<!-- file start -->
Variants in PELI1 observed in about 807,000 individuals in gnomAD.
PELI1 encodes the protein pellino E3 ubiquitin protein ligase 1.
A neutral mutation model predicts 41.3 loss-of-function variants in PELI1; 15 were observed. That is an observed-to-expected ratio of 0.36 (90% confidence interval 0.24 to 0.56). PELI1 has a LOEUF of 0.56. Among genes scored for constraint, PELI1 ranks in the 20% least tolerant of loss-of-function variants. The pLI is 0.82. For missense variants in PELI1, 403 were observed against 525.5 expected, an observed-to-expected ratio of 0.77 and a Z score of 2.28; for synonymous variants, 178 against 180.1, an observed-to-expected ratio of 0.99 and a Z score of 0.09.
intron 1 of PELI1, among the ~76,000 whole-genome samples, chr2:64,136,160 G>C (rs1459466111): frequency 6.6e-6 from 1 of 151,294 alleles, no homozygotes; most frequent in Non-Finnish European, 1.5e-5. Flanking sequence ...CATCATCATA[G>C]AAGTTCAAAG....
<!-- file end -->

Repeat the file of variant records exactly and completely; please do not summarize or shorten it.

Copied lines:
Variants in PELI1 observed in about 807,000 individuals in gnomAD.
PELI1 encodes the protein pellino E3 ubiquitin protein ligase 1.
A neutral mutation model predicts 41.3 loss-of-function variants in PELI1; 15 were observed. That is an observed-to-expected ratio of 0.36 (90% confidence interval 0.24 to 0.56). PELI1 has a LOEUF of 0.56. Among genes scored for constraint, PELI1 ranks in the 20% least tolerant of loss-of-function variants. The pLI is 0.82. For missense variants in PELI1, 403 were observed against 525.5 expected, an observed-to-expected ratio of 0.77 and a Z score of 2.28; for synonymous variants, 178 against 180.1, an observed-to-expected ratio of 0.99 and a Z score of 0.09.
intron 1 of PELI1, among the ~76,000 whole-genome samples, chr2:64,136,160 G>C (rs1459466111): frequency 6.6e-6 from 1 of 151,294 alleles, no homozygotes; most frequent in Non-Finnish European, 1.5e-5. Flanking sequence ...CATCATCATA[G>C]AAGTTCAAAG....